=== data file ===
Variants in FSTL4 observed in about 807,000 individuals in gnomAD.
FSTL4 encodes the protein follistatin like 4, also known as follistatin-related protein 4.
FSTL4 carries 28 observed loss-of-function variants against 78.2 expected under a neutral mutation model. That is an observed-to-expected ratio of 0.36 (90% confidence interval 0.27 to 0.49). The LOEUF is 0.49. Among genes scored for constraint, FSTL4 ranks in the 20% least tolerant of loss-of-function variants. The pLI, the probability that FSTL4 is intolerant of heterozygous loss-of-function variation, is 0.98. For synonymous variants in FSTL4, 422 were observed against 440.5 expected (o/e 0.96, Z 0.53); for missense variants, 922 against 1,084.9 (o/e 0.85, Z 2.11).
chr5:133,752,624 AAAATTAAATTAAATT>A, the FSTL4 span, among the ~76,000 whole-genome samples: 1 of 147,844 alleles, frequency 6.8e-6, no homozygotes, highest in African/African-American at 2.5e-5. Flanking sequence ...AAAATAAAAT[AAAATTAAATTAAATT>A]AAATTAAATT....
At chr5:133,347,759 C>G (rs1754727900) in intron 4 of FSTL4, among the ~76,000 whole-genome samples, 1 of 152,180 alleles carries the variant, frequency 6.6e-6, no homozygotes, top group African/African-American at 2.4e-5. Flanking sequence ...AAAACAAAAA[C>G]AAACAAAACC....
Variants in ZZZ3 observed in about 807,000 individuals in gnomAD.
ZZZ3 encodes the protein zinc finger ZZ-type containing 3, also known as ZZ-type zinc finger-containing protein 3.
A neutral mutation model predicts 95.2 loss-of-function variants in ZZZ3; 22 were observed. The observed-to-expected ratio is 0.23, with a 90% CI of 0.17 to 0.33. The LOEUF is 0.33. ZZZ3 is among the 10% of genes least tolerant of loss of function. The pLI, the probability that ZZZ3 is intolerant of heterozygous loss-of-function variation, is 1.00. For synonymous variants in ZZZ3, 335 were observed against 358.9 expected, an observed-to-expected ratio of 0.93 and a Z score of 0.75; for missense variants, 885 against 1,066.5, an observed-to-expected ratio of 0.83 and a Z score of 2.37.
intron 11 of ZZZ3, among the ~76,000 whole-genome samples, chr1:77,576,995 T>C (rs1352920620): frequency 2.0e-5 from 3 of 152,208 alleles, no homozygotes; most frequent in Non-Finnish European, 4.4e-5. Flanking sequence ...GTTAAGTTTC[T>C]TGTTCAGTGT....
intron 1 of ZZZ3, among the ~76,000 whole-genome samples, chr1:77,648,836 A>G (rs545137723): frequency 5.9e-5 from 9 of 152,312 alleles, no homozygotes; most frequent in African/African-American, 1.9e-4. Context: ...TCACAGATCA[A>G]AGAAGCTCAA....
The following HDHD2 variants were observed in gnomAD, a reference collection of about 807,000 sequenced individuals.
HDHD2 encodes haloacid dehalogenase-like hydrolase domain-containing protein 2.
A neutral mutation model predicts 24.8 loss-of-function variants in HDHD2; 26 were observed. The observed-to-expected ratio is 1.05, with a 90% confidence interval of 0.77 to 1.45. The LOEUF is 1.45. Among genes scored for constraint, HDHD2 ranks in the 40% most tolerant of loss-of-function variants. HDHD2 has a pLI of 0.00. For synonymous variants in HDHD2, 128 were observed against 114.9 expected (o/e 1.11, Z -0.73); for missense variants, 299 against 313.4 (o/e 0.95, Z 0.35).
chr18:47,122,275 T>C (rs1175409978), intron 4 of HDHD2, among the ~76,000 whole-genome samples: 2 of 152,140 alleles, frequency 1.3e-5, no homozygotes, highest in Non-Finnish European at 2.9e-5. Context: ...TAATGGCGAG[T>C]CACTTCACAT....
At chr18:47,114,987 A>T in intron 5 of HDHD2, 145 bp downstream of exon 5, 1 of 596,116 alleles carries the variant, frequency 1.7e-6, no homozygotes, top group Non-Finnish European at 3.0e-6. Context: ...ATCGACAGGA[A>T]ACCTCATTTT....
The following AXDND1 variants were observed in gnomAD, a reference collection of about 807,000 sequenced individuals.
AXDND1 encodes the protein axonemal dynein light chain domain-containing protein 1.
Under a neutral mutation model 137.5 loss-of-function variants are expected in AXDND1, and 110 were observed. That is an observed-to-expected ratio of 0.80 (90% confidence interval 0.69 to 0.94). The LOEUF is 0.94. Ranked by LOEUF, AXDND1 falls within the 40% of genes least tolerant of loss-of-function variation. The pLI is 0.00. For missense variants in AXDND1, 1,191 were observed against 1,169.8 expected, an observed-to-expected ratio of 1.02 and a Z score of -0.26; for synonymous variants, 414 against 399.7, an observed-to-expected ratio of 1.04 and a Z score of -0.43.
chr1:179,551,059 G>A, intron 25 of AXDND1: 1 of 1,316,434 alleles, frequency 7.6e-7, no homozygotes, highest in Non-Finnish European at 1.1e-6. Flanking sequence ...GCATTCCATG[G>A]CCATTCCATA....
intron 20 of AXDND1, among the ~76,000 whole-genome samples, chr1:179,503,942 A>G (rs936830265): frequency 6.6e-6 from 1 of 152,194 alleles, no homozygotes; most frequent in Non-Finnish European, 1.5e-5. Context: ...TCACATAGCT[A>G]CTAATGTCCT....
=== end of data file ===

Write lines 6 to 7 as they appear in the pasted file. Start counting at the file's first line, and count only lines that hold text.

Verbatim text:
Variants in ZZZ3 observed in about 807,000 individuals in gnomAD.
ZZZ3 encodes the protein zinc finger ZZ-type containing 3, also known as ZZ-type zinc finger-containing protein 3.